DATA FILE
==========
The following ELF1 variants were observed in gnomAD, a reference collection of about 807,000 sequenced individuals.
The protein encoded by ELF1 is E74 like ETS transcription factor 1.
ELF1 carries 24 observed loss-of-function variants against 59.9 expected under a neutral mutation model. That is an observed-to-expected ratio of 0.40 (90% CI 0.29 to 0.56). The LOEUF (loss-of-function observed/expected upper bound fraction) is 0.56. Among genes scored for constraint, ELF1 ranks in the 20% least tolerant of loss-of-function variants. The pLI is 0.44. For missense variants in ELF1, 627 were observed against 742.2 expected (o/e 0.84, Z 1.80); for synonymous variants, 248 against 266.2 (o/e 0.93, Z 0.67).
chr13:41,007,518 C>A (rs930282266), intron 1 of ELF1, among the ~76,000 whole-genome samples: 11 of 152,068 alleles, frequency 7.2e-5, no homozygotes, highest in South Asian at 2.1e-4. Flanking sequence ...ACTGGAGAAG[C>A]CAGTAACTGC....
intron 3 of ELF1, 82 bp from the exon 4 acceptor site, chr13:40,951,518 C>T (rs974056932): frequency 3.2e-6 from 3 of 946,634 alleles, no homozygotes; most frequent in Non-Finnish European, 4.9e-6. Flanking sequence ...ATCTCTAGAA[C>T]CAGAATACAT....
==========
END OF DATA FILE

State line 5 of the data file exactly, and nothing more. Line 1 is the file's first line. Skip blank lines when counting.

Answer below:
intron 3 of ELF1, 82 bp from the exon 4 acceptor site, chr13:40,951,518 C>T (rs974056932): frequency 3.2e-6 from 3 of 946,634 alleles, no homozygotes; most frequent in Non-Finnish European, 4.9e-6. Flanking sequence ...ATCTCTAGAA[C>T]CAGAATACAT....